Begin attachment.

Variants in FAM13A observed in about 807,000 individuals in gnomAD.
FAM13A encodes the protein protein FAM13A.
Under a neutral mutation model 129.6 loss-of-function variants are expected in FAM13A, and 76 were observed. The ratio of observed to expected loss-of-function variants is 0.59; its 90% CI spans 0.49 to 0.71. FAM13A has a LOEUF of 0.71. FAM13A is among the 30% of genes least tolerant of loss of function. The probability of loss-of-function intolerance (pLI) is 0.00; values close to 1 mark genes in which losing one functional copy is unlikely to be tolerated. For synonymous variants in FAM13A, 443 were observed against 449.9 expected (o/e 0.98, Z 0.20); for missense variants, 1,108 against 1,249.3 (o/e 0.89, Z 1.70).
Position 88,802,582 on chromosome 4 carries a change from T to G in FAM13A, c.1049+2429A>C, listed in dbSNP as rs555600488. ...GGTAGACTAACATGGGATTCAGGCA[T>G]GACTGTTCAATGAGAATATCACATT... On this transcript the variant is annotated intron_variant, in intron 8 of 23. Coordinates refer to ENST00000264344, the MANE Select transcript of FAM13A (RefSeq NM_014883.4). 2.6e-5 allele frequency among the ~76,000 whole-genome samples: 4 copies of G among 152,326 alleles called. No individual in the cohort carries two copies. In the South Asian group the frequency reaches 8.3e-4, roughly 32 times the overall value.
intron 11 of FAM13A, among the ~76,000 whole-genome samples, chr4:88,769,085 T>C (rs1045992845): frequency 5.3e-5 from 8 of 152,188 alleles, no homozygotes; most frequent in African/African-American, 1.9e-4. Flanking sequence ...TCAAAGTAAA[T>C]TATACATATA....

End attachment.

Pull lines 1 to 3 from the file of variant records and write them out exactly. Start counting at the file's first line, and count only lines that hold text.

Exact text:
Variants in FAM13A observed in about 807,000 individuals in gnomAD.
FAM13A encodes the protein protein FAM13A.
Under a neutral mutation model 129.6 loss-of-function variants are expected in FAM13A, and 76 were observed. The ratio of observed to expected loss-of-function variants is 0.59; its 90% CI spans 0.49 to 0.71. FAM13A has a LOEUF of 0.71. FAM13A is among the 30% of genes least tolerant of loss of function. The probability of loss-of-function intolerance (pLI) is 0.00; values close to 1 mark genes in which losing one functional copy is unlikely to be tolerated. For synonymous variants in FAM13A, 443 were observed against 449.9 expected (o/e 0.98, Z 0.20); for missense variants, 1,108 against 1,249.3 (o/e 0.89, Z 1.70).